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Justice for KidsKeeping Kids Out of the Juvenile Justice System$
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Nancy E. Dowd

Print publication date: 2011

Print ISBN-13: 9780814721377

Published to NYU Press Scholarship Online: March 2016

DOI: 10.18574/nyu/9780814721377.001.0001

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PRINTED FROM NYU Press SCHOLARSHIP ONLINE (www.nyu.universitypressscholarship.com). (c) Copyright University of NYU Press Press, 2021. All Rights Reserved. An individual user may print out a PDF of a single chapter of a monograph in NYSO for personal use.date: 26 September 2021

Preventing Incarceration through Special Education and Mental Health Collaboration for Students with Emotional and Behavioral Disorders

Preventing Incarceration through Special Education and Mental Health Collaboration for Students with Emotional and Behavioral Disorders

Chapter:
(p.82) 4 Preventing Incarceration through Special Education and Mental Health Collaboration for Students with Emotional and Behavioral Disorders
Source:
Justice for Kids
Author(s):

Joseph C. Gagnon

Brian R. Barber

Publisher:
NYU Press
DOI:10.18574/nyu/9780814721377.003.0004

This chapter focuses on students with emotional and behavioral disorders and how to keep them from incarceration through special education and mental health collaboration. It explains how children and youth with emotional disturbance (ED) encounter difficulties that often surface in school, particularly in connection with zero tolerance policies. These policies, it argues, have had a disproportionately negative effect on youth with ED because they behave in ways that violate those policies. Moreover, mental health services for youth in public schools are often ad hoc, fragmented, and suffer from inadequate funding. As a result, the juvenile justice system is utilized as a de facto approach to treatment of youth behavioral and mental disorders. The chapter proposes a tiered, comprehensive approach to prevention, based on universal programs aimed at all youth, selective interventions aimed at identified at-risk youth, and intensive interventions aimed at youth with the most severe issues or those who have already experienced the juvenile justice system.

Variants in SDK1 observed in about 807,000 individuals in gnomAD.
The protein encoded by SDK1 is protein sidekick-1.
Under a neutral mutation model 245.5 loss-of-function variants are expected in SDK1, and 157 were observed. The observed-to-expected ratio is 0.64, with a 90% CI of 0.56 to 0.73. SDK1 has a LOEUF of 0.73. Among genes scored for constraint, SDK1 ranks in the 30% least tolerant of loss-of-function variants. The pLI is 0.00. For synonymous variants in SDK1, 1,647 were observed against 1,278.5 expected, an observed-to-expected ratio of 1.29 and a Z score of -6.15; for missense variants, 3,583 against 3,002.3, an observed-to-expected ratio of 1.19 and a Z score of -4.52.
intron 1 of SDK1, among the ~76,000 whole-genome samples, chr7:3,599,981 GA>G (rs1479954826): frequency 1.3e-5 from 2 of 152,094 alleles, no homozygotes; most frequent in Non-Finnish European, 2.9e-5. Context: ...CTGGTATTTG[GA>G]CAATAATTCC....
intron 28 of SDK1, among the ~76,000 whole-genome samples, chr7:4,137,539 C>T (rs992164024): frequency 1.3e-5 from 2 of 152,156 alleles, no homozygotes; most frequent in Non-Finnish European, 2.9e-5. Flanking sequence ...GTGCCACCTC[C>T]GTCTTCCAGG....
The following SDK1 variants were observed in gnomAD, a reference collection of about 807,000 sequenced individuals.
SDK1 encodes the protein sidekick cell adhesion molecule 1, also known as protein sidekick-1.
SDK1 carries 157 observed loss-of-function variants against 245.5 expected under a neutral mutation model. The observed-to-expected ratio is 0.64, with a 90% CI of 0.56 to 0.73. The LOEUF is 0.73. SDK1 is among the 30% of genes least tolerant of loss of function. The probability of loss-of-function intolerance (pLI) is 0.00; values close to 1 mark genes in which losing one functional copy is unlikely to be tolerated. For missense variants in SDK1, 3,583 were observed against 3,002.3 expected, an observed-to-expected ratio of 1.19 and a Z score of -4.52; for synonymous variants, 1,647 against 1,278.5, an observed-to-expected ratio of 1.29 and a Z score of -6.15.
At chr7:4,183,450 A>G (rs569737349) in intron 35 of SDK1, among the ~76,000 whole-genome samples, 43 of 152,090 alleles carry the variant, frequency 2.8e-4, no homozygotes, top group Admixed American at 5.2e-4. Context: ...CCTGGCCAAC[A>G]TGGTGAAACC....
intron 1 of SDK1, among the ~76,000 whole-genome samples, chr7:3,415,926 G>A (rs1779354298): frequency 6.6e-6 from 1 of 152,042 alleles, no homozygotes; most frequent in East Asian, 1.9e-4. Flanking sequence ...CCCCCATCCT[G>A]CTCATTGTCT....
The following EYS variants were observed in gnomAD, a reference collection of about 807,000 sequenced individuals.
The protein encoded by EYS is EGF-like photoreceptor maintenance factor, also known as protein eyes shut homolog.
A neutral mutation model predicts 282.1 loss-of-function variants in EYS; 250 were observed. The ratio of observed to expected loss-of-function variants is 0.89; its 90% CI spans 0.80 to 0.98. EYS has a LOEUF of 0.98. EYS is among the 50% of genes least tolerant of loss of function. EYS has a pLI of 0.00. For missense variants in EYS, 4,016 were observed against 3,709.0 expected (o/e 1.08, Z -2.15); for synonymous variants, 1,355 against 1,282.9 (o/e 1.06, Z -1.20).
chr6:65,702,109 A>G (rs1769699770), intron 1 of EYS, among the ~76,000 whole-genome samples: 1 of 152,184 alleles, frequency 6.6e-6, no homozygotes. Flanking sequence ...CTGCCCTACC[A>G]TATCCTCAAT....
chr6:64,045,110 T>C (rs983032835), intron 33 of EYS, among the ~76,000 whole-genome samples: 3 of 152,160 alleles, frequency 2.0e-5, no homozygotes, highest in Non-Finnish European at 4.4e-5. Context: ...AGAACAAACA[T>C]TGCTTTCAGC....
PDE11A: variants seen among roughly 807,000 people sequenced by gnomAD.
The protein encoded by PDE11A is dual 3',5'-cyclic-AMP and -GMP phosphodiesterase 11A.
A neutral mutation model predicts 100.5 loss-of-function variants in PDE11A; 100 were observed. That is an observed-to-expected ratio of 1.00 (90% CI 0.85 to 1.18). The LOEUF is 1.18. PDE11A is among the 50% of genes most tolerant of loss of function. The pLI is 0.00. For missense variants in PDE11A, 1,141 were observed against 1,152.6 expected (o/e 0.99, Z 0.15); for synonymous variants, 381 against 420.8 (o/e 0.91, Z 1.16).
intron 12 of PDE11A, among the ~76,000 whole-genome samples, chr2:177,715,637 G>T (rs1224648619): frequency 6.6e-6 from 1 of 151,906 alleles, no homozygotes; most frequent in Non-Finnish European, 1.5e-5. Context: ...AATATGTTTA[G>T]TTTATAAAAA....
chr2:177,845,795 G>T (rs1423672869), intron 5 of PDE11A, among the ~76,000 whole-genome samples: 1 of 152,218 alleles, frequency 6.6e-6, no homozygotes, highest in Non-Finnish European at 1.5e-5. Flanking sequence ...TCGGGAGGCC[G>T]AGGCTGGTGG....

Keywords:   students, behavioral disorders, incarceration, special education, emotional disturbance, zero tolerance policies, mental health services, youth, juvenile justice system, prevention

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